• 30 grudnia, 2022

TL- Sperm


Many risk factors can potentially influence sperm quality. Telomeres confer stability to the chromosome, and their dysfunction has been implicated in conditions such as cancer, ageing, and lifestyle. The impact of lifestyle on sperm telomeres is unclear. The objectives of this study were to assess the impact of lifestyle behaviours on sperm telomere length and to follow the correlation with pregnancy outcomes in patients undergoing in vitro fertilization (IVF). In this prospective observational study, sperm telomere length (TL) was analyzed.

The men were asked to report lifestyle behaviours including occupation (physical or sedentary), duration and amount of smoking, physical activity, dietary habits, and where they keep their cell phone (purse, pants, or shirt pocket). Correlations between semen analysis, TL, men’s habits and embryo quality and pregnancy outcomes were evaluated. Among the 34 recruited patients, 12 had longer TL and 13 had shorter TL. Sperm motility was negatively correlated with LT (Pearson’s correlation = −0.588, p = 0.002). Smoking negatively affected native sperm motility (53% motility in nonsmokers vs. 37% in smokers; p = 0.006).

However, there was no significant impact on TL. The group with longer telomeres showed a significant association with a healthy diet (10/12 vs 6/13; p = 0.05) and a tendency towards more weekly sports activity (16/84 vs 7/91; p = 0. 04) compared to the group with shorter telomeres. This study suggests that lifestyle, healthy diet, and sports activity are associated with long telomeres in sperm. Sperm quality is also influenced by the habits of patients. The study strongly recommends maintaining a healthy lifestyle to preserve general health and fertility.

Materials and methods

This prospective, non-interventional cohort study was conducted in the hospital’s IVF unit from November 2019 to November 2020.

  • Participants

Men who underwent IVF with or without intracytoplasmic sperm injection (ICSI), aged between 18 and 60, were eligible to participate in the study. On the day of oocyte collection (OPU), just after the couple provided the sperm for fertilization in the laboratory, written consent was obtained to use the remaining sperm for further evaluation. Those who agreed to participate were asked to answer the following questions about their lifestyle: occupation (physical or sedentary), time and amount of smoking, whether they practice regular physical activity, type of diet (Mediterranean, fast food, mainly intake of carbohydrates), and where they keep their cell phone (purse, pants pocket, shirt pocket, etc.) to examine the proximity of the cell phone to their genitals.

Semen was analyzed according to the World Health Organization criteria (volume ≥1.5 mL, concentration ≥15 × 106/mL, progressive motility ≥32%, and normal morphology ≥4%). These are accepted normal values (Cooper et al., 2010). Patients with severe oligo-terato-asthenospermia were excluded from the study.

  • Embryo classification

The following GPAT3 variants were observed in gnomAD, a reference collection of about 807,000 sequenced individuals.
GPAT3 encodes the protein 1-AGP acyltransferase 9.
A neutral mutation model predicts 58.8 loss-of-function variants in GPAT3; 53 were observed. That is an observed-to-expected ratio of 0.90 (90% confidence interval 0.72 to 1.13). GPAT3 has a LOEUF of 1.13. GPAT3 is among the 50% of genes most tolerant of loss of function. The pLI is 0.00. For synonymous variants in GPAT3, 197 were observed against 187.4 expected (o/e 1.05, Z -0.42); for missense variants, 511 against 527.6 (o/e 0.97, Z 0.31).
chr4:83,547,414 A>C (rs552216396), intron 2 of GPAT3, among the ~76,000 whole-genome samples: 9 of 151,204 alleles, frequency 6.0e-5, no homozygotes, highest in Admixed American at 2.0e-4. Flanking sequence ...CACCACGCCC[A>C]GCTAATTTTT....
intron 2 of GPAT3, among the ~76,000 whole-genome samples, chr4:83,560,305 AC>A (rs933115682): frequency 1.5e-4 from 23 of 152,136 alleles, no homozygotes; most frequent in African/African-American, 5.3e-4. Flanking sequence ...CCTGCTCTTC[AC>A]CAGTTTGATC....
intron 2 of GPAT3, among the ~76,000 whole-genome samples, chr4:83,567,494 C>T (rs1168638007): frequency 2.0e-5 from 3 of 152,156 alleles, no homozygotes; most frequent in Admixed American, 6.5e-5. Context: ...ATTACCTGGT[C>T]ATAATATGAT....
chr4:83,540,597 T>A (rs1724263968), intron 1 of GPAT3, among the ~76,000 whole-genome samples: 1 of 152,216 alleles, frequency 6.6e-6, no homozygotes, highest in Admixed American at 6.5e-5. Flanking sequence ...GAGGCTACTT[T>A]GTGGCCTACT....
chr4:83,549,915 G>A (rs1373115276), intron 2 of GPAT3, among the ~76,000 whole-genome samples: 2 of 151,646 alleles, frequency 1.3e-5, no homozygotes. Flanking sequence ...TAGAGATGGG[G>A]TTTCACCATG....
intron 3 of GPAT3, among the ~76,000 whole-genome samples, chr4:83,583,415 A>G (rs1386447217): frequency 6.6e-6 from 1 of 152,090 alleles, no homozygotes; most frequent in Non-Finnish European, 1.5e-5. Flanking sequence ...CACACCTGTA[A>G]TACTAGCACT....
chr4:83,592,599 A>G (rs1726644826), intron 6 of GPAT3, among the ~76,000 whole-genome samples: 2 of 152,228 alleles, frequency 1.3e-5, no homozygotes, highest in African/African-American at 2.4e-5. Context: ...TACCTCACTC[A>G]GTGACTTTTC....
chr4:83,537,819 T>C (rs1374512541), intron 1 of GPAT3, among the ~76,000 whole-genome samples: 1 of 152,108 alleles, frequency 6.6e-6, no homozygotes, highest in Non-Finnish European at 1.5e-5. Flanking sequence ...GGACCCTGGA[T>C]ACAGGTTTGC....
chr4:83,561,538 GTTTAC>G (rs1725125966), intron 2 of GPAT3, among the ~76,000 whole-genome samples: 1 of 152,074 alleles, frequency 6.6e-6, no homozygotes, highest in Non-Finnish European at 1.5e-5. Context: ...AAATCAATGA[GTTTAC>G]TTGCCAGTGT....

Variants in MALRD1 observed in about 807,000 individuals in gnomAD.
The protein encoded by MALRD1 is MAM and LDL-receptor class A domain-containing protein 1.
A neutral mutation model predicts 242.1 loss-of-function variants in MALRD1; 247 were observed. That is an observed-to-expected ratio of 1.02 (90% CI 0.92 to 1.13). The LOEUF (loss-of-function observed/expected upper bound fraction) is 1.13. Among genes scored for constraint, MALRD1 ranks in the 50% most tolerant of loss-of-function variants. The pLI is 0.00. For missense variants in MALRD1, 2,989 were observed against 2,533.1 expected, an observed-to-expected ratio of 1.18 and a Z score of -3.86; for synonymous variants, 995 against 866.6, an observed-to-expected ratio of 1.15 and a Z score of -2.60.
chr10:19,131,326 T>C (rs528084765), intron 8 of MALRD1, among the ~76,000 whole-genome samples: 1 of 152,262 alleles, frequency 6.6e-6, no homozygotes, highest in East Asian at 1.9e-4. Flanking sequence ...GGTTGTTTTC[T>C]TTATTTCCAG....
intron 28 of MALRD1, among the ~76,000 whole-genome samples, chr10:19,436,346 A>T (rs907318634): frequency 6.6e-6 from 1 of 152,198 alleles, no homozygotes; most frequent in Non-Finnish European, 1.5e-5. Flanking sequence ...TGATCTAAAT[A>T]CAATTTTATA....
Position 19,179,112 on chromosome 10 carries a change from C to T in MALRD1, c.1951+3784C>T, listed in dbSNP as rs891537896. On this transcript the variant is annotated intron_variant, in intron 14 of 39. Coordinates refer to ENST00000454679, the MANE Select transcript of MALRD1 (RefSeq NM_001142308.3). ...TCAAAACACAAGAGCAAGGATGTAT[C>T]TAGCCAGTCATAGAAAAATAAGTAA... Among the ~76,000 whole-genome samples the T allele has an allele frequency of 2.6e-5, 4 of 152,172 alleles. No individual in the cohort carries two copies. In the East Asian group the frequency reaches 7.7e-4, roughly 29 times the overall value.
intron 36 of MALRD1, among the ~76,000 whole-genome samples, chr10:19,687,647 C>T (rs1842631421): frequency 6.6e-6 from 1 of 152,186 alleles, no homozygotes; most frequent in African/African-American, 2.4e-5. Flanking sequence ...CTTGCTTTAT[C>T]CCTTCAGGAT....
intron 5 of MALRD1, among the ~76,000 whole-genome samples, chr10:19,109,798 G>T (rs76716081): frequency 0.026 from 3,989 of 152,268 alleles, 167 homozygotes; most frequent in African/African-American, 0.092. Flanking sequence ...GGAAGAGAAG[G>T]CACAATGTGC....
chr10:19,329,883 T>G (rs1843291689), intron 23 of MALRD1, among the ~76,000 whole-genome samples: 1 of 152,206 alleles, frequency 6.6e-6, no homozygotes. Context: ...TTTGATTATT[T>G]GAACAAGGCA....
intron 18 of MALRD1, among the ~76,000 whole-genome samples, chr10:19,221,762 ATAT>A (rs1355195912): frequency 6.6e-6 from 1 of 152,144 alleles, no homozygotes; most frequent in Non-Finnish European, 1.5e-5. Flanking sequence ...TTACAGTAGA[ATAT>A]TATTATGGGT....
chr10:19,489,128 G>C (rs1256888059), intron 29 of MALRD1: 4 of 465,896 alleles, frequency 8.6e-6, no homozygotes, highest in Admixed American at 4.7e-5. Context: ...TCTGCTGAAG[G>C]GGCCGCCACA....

IVF or ICSI was performed after oocyte retrieval. Mature oocytes were placed on EmbryoSlides and incubated in EmbryoScopeTM (Unisense FertiliTech, Aarhus, Denmark) for 3 to 5 days at 37°C in 5.8% CO2 and 5% O2 if ICSI was performed. Images of the embryos were captured every 10 minutes in seven focal planes, from the moment of the extraction of the second polar body and up to 120 hours after fertilization, to determine the exact moment of cell division. Embryos were classified according to the Known Implantation Data (KID) score, Alpha ESHRE score, and morphology.

All available embryos were assessed for quality based on cell count, symmetry, granularity, type, fragmentation percentage, multinucleated blastomere, and degree of compaction. A top-quality embryo was classified as one with 4 to 5 cells on day 2 or >6 blastomeres of the same size on day 3, ≤20% fragmentation, and no multinucleated cells. To avoid inter-observer errors, all measurements were performed by the same embryologist. No more than two embryos were transferred on day 3 or 5 of embryonic development; the remaining top-quality embryos were vitrified and used for the subsequent transfer of frozen embryos, in case pregnancy was not achieved.

  • Determination of pregnancy

Fourteen days after the embryo transfer, the beta-hCG level was assessed. Clinical pregnancy was confirmed when a gestational sac with a fetal heartbeat was detected by ultrasound at 7 weeks of gestation.

  • Sperm isolation and DNA extraction

Residual semen samples obtained on the day of the OPU were immediately transferred to the laboratory for further evaluation. The semen samples were allowed to liquefy for 30 min at 37°C. Total semen was centrifuged at 3400 rpm for 5 min to remove the supernatant. Pellets were resuspended and washed twice with 1000 µL of sterile phosphate-buffered saline (PBS, 0.5 M) at 3400 rpm for 5 min to remove cellular and non-cellular components before adding lysis buffer.

DNA from semen was extracted with the DNeasy Blood & Tissue kit (QIAGEN, Ontario, Canada) according to the manufacturer’s instructions. DNA concentration was measured using a NanoDrop spectrophotometer (Thermo Scientific). DNA samples were stored at -20°C until further analysis.

  • Statistic analysis

Data normality was tested using the Kolmogorov-Smirnov and Shapiro-Wilk tests. The parametric variables that followed a normal distribution were analyzed using parametric tests; otherwise, nonparametric tests were applied. Descriptive statistics were applied, mainly mean ± standard deviation (SD), 95% confidence interval (CI), median, and interquartile range (IQR), as appropriate. As this study was the first to assess the impact of lifestyle on sperm LT, a pilot study was conducted on 34 patients.

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